>I doubt anyone truly believes they can be good at language without using it in some real world way.
    I know! You’d think. But it seems that not everyone has the combination of intelligence and common sense that you do. If they did, then they might not publish books like this. The people that made this book are smart. They’re just barking up the wrong tree, this book is for learning about Japanese not for learning Japanese, but that distinction seems to have been lost on them. Smartness doesn’t seem to make people immune to error.

  23. taijuando
    January 8, 2008 at 10:53

    just wondering if anyone else was listening to jpod101…i’d be curious to hear your objections….I’d also love if anyone had some podcast links handy… anything fun…I also like informative…like National Public Radio in the United States…..

  24. Charles
    January 8, 2008 at 11:24

    Hi taijuando,
    I haven’t listened to JPod101 since they started charging for it. My real objection was that it seemed they spent too much time explaining everything. While, I think that’s good, I felt that I would get more out of listening by downloading the news or audio from movies (my current favorite audio input method). I never really had a problem with Peter. I know a lot of folks complain about him, but he seems like a genuinely outgoing and fun guy.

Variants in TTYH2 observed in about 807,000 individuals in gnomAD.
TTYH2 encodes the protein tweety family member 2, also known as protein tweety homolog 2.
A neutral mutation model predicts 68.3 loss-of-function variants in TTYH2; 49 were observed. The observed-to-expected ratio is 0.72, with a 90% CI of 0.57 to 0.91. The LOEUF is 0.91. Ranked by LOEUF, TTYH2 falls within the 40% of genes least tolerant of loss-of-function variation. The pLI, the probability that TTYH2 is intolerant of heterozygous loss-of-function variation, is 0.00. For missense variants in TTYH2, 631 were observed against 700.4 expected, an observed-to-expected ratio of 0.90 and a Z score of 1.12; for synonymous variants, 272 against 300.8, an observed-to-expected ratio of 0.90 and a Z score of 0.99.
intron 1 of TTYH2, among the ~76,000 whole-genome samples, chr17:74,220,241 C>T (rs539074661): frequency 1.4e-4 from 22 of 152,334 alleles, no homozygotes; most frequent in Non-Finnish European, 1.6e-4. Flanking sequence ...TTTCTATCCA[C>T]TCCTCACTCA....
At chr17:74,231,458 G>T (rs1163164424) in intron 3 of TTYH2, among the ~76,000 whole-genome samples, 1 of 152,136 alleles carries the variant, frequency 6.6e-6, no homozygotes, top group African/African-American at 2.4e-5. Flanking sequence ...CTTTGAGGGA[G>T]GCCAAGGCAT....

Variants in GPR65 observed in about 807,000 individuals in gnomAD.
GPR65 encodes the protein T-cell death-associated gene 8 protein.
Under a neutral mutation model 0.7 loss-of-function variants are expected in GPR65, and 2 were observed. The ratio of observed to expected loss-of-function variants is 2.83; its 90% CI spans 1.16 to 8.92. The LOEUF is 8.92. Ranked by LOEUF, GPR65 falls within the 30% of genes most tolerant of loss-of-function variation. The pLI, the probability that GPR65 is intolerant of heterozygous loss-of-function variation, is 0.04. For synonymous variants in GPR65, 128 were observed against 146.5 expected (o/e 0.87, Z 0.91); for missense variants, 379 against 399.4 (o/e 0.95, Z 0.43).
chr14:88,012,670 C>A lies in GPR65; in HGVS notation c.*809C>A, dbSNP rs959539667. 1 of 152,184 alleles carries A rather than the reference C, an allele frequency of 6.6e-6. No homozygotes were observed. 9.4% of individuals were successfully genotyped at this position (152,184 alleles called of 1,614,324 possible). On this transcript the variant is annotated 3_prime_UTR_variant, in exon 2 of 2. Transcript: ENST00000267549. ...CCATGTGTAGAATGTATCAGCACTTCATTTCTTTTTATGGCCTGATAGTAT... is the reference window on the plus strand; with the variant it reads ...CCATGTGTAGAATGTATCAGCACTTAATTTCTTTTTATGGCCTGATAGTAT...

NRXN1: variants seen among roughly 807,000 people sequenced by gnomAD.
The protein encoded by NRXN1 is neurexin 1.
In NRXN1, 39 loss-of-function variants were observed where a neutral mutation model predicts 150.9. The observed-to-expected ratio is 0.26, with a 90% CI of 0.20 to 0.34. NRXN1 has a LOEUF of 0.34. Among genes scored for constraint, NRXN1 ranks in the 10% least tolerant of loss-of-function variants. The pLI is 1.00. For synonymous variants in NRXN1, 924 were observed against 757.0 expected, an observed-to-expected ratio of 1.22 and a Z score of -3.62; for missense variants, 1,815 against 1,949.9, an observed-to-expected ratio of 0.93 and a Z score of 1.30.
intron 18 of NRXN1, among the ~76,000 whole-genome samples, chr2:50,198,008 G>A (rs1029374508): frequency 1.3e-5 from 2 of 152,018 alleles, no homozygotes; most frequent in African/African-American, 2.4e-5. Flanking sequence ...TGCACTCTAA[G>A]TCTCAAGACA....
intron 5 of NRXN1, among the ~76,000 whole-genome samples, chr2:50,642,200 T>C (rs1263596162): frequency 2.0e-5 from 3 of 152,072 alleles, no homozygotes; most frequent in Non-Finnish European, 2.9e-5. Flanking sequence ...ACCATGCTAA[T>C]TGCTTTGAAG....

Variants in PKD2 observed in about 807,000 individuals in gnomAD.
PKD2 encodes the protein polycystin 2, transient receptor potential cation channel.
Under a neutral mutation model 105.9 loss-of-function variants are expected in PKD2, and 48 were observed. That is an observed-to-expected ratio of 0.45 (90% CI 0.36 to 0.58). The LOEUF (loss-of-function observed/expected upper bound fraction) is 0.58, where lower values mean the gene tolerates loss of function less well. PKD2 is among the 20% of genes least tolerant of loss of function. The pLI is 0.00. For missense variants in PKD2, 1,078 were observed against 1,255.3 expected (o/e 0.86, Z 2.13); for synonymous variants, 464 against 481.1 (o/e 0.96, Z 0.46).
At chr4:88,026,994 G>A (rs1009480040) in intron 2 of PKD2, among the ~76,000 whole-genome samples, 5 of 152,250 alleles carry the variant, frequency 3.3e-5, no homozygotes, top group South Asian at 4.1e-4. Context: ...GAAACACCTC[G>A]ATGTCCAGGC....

As for other podcasts, I’m actually looking for something myself. I did have a few Japanese podcast subscriptions but they were so PAINFULLY BORING that they would put me to sleep, hence the audio from movies.
    Any podcast suggestions, please!! Oh, and I did listen to the Marimoe that Khatz suggested, but I think that they quit…

  25. taijuando
    January 8, 2008 at 11:39

    how eactly do you download audio from movies?

  26. Chiro-kun
    January 8, 2008 at 12:25

    @taijuando – Do you mean ripping audio from movies which you already have? If so, there are specific software for those.

  27. taijuando
    January 8, 2008 at 12:51